– Find out the pet, vehicle and rental restrictions. Towns are following up on Airbnb rentals and few of them meet the HOA rules.

3 Best Practices for Small Business Marketing

With a MBA in Marketing & Management from Columbia University and nine years in direct mail –  you can surely say that Janet Granger has a lot of experience when it comes to marketing strategy. Janet has been named one of the 20 Most Influential Content Marketers in New England and in 2016, she published the book: Digital Influence for Baby Boomers: Why you should care and yes, you can do this! Here are her 3 best practices for small business marketing:

Small businesses need marketing but often work with a shoestring budget. Knowing that every penny has to be spent wisely, here are the best ways to ensure that a marketing person, team, or outside agency delivers the greatest success and results.

1. Define what’s important to you.

This may sound simple but it’s rare that marketing people start with asking questions. Most often, they start with suggestions of what to do and how much to spend.

Which, if you think about it, makes no sense. There’s no package or one-size-fits-all marketing plan. Every marketing strategy should start with the business results. What do you want to achieve?  For example, if most of your sales come from a conference or event, is your goal a certain number of people at your booth/location? Or is it all about online sales? Or foot traffic into a store? Are you looking to build your brand? Let your marketing team know what is important to you and how you’ll be judging their results.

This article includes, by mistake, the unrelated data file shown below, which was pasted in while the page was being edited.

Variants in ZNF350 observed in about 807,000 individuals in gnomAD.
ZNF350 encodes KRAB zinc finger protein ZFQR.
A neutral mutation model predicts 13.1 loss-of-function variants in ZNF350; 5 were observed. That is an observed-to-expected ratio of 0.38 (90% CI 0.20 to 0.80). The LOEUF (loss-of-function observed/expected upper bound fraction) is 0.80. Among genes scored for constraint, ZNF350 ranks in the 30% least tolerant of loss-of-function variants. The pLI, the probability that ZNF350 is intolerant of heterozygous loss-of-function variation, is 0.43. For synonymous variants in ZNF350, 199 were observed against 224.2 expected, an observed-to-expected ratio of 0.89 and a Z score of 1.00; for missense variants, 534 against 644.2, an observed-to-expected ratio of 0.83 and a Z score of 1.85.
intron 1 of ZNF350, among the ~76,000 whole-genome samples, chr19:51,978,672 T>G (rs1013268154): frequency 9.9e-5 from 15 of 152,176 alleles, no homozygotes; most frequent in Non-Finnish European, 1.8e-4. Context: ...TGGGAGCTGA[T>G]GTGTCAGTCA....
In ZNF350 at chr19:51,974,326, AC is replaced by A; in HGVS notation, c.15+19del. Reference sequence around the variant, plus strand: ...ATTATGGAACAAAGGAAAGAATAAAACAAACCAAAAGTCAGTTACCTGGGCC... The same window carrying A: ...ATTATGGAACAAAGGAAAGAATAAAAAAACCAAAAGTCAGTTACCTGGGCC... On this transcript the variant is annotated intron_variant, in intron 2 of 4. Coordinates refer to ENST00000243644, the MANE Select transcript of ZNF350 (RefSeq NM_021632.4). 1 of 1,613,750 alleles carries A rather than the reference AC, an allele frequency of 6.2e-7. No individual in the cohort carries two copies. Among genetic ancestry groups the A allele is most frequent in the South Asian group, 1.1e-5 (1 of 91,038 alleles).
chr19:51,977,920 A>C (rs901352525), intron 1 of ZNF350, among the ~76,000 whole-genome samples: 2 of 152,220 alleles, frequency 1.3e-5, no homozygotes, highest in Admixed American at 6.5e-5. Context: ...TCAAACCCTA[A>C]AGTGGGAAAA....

If you don’t set out the goals at beginning, you’re setting yourself up (and them) for failure. Not sure what you should expect? Ask them what they will be delivering for you. And if you don’t like what you hear, change it.

2. Marketing takes time; don’t expect perfection at the start.

The early part of any marketing campaign is where the marketing person (or team) watches what’s happening and, if they’re good, tweaks the campaign to maximize results.

There’s nothing worse than a business owner seeing the early results of a campaign and shutting it down prematurely. Yes, it’s great to be involved and to monitor. But don’t expect the final results at the very beginning. Marketing is part science and part art. Give a campaign four weeks before you start to evaluate it and two – three months before you decide to change it or pull the plug.  

On the other hand, if the early results show that absolutely nothing is working, it’s time to stop, step back, and assess. This is often a good moment to try something new while still focusing on the same goals (as established in Step 1). 

3. Be sure to have a thorough debrief at the end, to review the metrics from the campaign.

Ask your marketing person or agency to review (a) what they promised you at the very beginning (again, Step 1) and (b) all the data that shows they delivered on that promise. If they can’t do this, they haven’t done their job.

Knowing that you’ll want this at the end of any campaign, it’s good for your marketing person or team to think about what data and results you’ll need before the project even starts. That way, all the metrics are set up properly at the beginning to measure if the campaign was, or was not, successful.